Sharp-eyed readers would have spotted in this week’s papers a small graphic at the bottom of my stories on surgery cancellation rates at Penticton Regional Hospital and the cost of a photo-op at the future home of the Okanagan Correctional Centre that encourages them to dig deeper into the online versions.
It’s impossible to understate how much the Internet has changed the news business — not always in good ways, like compressing deadlines so the rush to be first sometimes beats the need to be accurate.
But one definite improvement is the unlimited amount of space the Internet opens up for news stories that live online, in particular those accompanied by graphics, charts and other source material that might be of interest to readers but won’t fit in the print edition.
For example, whenever I write an article that relies on documents obtained through a freedom of information request, I try to post those same documents with the online version of the story so readers can learn more or even double-check my work.
One problem with that is the documents need a story with which to buddy up, and often times the records I get don’t actually result in a story.
It pains me to say the FOI process is usually a fishing expedition, since it’s taxpayers who foot the bill for the people searching for records. However, it’s also an important element of government transparency, so I make no apologies.
That said, even the best fisherman gets skunked sometimes, and more often than not I’m left with documents that contain an element of interest, but not enough for a story.
This space, however, provides a forum to put them out there. For example:
Towards the end of the months of May, June and July, I asked Ministry of Health media relations manager Kristy Anderson for updates on the approval process for the Penticton Regional Hospital expansion project that was finally announced July 30.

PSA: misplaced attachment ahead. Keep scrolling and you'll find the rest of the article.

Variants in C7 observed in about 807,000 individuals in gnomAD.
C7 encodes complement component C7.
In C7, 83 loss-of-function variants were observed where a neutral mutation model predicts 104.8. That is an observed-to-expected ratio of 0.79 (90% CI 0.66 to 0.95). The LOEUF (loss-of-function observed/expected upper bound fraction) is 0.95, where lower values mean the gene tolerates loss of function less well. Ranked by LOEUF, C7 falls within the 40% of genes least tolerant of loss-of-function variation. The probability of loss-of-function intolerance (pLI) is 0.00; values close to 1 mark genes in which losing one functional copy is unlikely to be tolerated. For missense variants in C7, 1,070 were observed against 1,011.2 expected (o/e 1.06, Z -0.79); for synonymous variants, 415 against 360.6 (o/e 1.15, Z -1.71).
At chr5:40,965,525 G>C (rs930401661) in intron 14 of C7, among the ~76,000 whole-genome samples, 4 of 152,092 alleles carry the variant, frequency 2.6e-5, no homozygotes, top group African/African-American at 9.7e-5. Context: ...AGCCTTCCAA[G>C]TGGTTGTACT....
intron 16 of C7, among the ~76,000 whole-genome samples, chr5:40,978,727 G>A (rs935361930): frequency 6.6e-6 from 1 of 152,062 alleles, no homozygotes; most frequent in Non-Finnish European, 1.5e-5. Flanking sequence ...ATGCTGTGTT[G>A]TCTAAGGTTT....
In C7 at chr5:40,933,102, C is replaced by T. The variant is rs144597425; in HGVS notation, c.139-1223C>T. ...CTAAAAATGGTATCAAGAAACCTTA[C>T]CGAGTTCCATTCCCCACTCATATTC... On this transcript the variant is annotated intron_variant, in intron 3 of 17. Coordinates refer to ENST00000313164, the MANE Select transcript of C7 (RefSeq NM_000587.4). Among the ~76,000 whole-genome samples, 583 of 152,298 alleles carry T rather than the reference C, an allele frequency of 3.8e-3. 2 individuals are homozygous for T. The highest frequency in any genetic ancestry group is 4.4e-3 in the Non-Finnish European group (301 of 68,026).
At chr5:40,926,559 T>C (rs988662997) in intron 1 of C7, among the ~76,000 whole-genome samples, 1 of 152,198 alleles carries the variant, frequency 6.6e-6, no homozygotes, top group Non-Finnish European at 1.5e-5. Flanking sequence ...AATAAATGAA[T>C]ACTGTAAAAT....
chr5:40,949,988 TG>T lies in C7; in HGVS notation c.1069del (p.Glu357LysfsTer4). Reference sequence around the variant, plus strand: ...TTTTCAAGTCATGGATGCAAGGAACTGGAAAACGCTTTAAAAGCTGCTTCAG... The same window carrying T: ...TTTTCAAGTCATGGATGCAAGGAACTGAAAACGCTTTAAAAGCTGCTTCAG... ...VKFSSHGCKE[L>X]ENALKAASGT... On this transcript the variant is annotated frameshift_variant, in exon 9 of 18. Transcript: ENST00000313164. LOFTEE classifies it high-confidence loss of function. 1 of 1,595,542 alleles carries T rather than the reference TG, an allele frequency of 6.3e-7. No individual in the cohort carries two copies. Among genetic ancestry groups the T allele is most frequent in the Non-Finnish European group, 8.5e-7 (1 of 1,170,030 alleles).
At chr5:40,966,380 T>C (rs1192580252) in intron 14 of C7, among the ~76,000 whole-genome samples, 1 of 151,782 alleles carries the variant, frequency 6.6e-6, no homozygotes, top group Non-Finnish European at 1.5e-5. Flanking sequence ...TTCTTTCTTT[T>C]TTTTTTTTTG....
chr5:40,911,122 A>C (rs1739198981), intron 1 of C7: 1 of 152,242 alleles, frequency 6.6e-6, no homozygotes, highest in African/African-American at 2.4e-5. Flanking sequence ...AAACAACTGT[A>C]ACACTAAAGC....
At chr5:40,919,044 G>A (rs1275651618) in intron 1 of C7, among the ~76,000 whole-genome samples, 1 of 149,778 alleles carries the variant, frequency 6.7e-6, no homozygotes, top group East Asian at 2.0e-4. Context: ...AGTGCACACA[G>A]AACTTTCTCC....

Getting a straight answer on where things stood was difficult, so I later submitted an FOI request to find out how exactly my questions were handled on their end.
What came back was a series of emails between me, Anderson, plus at least eight of her colleagues and higher-ups on one particular string.
Of note was a June 27 email from Health Ministry communications director Ryan Jabs, who told communications manager Carlene Thistle-Walker that Treasury Board “has approved this … we’re just waiting for their official word.” The “this” to which he was referring was presumably the project’s business case.
Thistle-Walker then told a spokesman at Interior Health an hour later that “we are getting close with business plan approval,” and asked him to write up a news release “signalling we are moving forward.”
Meanwhile, assistant deputy minister Manjit Sidhu told Anderson that same day that “government will probably be announcing something in a few weeks, but not sure you want to say that.”
Anderson took Sidhu’s advice and emailed me a two-sentence statement that allowed only that “government is in the final stages of review,” and hoped to “share information” in the “very near future.”
I found it interesting that three people in the same ministry were all singing from different song books and gave their colleagues at Interior Health the same vague line they gave me and the public.
As promised earlier, if you want to dig deeper and see for yourself, check out the online version of this column to read the email exchanges for yourself.
Joe Fries is a reporter at the Penticton Western News